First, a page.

Artist of the Month

Artist Month -01

September - October

Artist of The Month

Maxine Ranicke’s credo: ‘Never stop learning’

Article by LaVerne Kyriss


Maxine Ranicke pauses with work in progress.
Maxine Ranicke pauses with work in progress.

Maxine Ranicke’s first art class was as a young girl. “We lived in Hawaii and my mother knew a poor artist. I think she paid him for classes for me as a way to help him out,” she recalled. “I studied art in college at the University of Washington and I’ve continued to take classes from a variety of teachers.”

“I think the best thing is to study under different teachers and to learn from all of them. Then you can pick and choose the approach that feels right to you,” she explained. “I plan to continue taking classes and exploring for my entire life. I hope I never stop learning. That’s the real reason I paint.”


“Painting is part of my family heritage,” she reflected. “My sister paints. My cousins paint. We had an uncle who was a Russian immigrant who was a professional artist. I even have a couple of his paintings.”

These days,   Ranicke paints once or twice a week in the Topaz Room at SaddleBrooke Two’s Arts and Crafts Center. “Our Fine Art Guild has set up a series of open studio times for any resident to come and use the space. Since I don’t have studio space at home, this works great for me,” she explained.

“I also love to be around others who are also working on their pieces. We draw encouragement from each other. It’s very helpful when you get stuck or just need another set of eyes on a problem you’re trying to solve. A fresh perspective can really make the difference,” she said.

Ranicke paints only in oils. “I decided early on that I was going to pick one medium and then do it right. I’ve explored lots of techniques and am still experimenting. I’m working to use bold brush strokes. I have to watch out so that I don’t get too tight,” she laughed. “It takes work to stay loose.”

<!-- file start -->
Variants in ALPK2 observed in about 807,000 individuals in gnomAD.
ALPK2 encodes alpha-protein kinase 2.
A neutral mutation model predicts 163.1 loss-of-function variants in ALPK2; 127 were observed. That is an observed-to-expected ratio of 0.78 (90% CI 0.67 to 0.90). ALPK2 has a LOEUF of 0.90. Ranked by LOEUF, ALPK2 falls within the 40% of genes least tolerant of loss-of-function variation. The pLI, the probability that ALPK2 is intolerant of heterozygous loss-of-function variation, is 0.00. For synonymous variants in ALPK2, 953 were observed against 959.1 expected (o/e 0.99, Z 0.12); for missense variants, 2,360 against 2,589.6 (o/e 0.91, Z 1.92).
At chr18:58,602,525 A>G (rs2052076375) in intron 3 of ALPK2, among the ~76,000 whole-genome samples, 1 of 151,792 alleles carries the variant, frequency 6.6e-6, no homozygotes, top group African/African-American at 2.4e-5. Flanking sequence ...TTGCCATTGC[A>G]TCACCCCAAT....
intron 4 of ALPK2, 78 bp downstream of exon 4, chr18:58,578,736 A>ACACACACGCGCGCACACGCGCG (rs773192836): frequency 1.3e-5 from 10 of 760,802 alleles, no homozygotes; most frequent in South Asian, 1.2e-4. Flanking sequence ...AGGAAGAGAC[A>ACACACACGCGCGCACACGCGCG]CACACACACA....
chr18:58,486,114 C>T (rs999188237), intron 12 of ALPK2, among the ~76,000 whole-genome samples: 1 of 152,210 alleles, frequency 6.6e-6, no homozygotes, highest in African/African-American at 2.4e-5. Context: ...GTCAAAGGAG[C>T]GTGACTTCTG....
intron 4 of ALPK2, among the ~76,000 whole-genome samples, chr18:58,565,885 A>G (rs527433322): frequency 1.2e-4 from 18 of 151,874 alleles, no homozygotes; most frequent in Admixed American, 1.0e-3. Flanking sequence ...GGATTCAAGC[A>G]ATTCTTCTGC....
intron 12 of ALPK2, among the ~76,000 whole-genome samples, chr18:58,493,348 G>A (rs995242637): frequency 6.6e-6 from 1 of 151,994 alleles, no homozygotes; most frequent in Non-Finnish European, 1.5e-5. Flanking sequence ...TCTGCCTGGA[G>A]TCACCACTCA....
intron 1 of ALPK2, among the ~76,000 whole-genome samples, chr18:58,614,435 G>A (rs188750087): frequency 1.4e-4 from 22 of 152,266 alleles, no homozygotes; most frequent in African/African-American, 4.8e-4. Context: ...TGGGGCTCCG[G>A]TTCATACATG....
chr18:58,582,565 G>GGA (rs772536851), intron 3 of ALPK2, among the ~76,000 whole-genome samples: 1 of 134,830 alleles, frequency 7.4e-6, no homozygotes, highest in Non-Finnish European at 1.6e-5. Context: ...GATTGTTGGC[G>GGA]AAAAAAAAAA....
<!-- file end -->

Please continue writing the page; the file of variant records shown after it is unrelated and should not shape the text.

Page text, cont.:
Ranicke said her style has evolved over the years. “For a while, I only painted people. About 18 months ago, I decided to try landscapes. So now I’m experimenting and learning different skills to create depth and perspective. I’m comfortable tackling new things and enjoy the journey,” she smiled.

“I’ve found out that when I paint something I’m interested in, it usually turns out better and it takes less energy,” Ranicke noted. “With some paintings, you really have to work and then you still might not be totally happy with the end result.”

“Art is something you have to stick with. I don’t think it’s only based on talent or a gift,” she said. “You have to learn the steps and practice—lots. Give it time. I look at a partially done work and reflect on it. I bring my work home from the Topaz Room and put it on an easel in my kitchen. I keep a note pad near it and write down ideas and suggestions for what to do the next time I pick up my brush.”

Note: Ranicke and fellow SaddleBrooke artist Barbara Leightenheimer will be the featured artists in a show at Saint Andrews Church in Oro Valley in early 2018.